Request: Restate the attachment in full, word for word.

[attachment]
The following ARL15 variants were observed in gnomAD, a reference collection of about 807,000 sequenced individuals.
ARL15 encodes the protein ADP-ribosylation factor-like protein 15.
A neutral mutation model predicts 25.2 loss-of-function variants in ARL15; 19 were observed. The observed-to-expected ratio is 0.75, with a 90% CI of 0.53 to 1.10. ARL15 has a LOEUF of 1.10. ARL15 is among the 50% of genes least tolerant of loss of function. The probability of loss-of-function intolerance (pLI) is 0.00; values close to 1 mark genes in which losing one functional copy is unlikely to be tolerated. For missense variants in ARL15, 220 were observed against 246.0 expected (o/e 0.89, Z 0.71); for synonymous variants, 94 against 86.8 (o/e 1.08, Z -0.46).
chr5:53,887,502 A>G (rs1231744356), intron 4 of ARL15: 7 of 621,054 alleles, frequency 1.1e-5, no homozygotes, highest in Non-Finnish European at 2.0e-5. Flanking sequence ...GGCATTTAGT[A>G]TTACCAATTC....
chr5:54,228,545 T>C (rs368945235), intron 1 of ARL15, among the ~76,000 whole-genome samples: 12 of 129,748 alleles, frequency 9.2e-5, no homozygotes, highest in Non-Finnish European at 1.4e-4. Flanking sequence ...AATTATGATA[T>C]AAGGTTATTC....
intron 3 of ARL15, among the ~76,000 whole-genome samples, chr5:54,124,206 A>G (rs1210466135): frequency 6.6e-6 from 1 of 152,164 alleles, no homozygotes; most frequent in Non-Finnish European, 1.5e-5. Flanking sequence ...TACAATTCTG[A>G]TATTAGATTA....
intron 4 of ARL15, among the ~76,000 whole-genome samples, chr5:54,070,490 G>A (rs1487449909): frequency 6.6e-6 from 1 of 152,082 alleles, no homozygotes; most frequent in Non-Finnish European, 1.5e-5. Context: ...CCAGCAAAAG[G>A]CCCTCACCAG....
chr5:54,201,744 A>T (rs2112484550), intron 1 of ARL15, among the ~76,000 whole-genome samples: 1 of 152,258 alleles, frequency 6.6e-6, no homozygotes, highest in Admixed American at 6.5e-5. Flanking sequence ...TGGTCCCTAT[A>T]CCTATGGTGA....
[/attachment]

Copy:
The following ARL15 variants were observed in gnomAD, a reference collection of about 807,000 sequenced individuals.
ARL15 encodes the protein ADP-ribosylation factor-like protein 15.
A neutral mutation model predicts 25.2 loss-of-function variants in ARL15; 19 were observed. The observed-to-expected ratio is 0.75, with a 90% CI of 0.53 to 1.10. ARL15 has a LOEUF of 1.10. ARL15 is among the 50% of genes least tolerant of loss of function. The probability of loss-of-function intolerance (pLI) is 0.00; values close to 1 mark genes in which losing one functional copy is unlikely to be tolerated. For missense variants in ARL15, 220 were observed against 246.0 expected (o/e 0.89, Z 0.71); for synonymous variants, 94 against 86.8 (o/e 1.08, Z -0.46).
chr5:53,887,502 A>G (rs1231744356), intron 4 of ARL15: 7 of 621,054 alleles, frequency 1.1e-5, no homozygotes, highest in Non-Finnish European at 2.0e-5. Flanking sequence ...GGCATTTAGT[A>G]TTACCAATTC....
chr5:54,228,545 T>C (rs368945235), intron 1 of ARL15, among the ~76,000 whole-genome samples: 12 of 129,748 alleles, frequency 9.2e-5, no homozygotes, highest in Non-Finnish European at 1.4e-4. Flanking sequence ...AATTATGATA[T>C]AAGGTTATTC....
intron 3 of ARL15, among the ~76,000 whole-genome samples, chr5:54,124,206 A>G (rs1210466135): frequency 6.6e-6 from 1 of 152,164 alleles, no homozygotes; most frequent in Non-Finnish European, 1.5e-5. Flanking sequence ...TACAATTCTG[A>G]TATTAGATTA....
intron 4 of ARL15, among the ~76,000 whole-genome samples, chr5:54,070,490 G>A (rs1487449909): frequency 6.6e-6 from 1 of 152,082 alleles, no homozygotes; most frequent in Non-Finnish European, 1.5e-5. Context: ...CCAGCAAAAG[G>A]CCCTCACCAG....
chr5:54,201,744 A>T (rs2112484550), intron 1 of ARL15, among the ~76,000 whole-genome samples: 1 of 152,258 alleles, frequency 6.6e-6, no homozygotes, highest in Admixed American at 6.5e-5. Flanking sequence ...TGGTCCCTAT[A>T]CCTATGGTGA....